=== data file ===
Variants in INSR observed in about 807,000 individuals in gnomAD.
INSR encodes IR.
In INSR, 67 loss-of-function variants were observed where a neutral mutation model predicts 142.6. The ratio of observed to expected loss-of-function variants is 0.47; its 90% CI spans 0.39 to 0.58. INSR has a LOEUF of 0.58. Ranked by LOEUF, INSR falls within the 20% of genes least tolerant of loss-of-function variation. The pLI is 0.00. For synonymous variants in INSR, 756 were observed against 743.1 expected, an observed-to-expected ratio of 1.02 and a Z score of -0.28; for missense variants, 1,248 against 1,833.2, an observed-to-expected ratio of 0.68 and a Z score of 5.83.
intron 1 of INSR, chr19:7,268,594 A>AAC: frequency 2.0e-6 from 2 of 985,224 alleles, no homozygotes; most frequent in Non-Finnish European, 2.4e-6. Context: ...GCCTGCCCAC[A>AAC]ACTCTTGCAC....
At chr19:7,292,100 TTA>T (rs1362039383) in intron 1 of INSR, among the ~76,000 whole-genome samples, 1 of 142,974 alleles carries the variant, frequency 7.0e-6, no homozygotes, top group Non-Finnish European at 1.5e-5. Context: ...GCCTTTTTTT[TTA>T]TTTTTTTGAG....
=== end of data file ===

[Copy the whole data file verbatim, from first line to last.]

Variants in INSR observed in about 807,000 individuals in gnomAD.
INSR encodes IR.
In INSR, 67 loss-of-function variants were observed where a neutral mutation model predicts 142.6. The ratio of observed to expected loss-of-function variants is 0.47; its 90% CI spans 0.39 to 0.58. INSR has a LOEUF of 0.58. Ranked by LOEUF, INSR falls within the 20% of genes least tolerant of loss-of-function variation. The pLI is 0.00. For synonymous variants in INSR, 756 were observed against 743.1 expected, an observed-to-expected ratio of 1.02 and a Z score of -0.28; for missense variants, 1,248 against 1,833.2, an observed-to-expected ratio of 0.68 and a Z score of 5.83.
intron 1 of INSR, chr19:7,268,594 A>AAC: frequency 2.0e-6 from 2 of 985,224 alleles, no homozygotes; most frequent in Non-Finnish European, 2.4e-6. Context: ...GCCTGCCCAC[A>AAC]ACTCTTGCAC....
At chr19:7,292,100 TTA>T (rs1362039383) in intron 1 of INSR, among the ~76,000 whole-genome samples, 1 of 142,974 alleles carries the variant, frequency 7.0e-6, no homozygotes, top group Non-Finnish European at 1.5e-5. Context: ...GCCTTTTTTT[TTA>T]TTTTTTTGAG....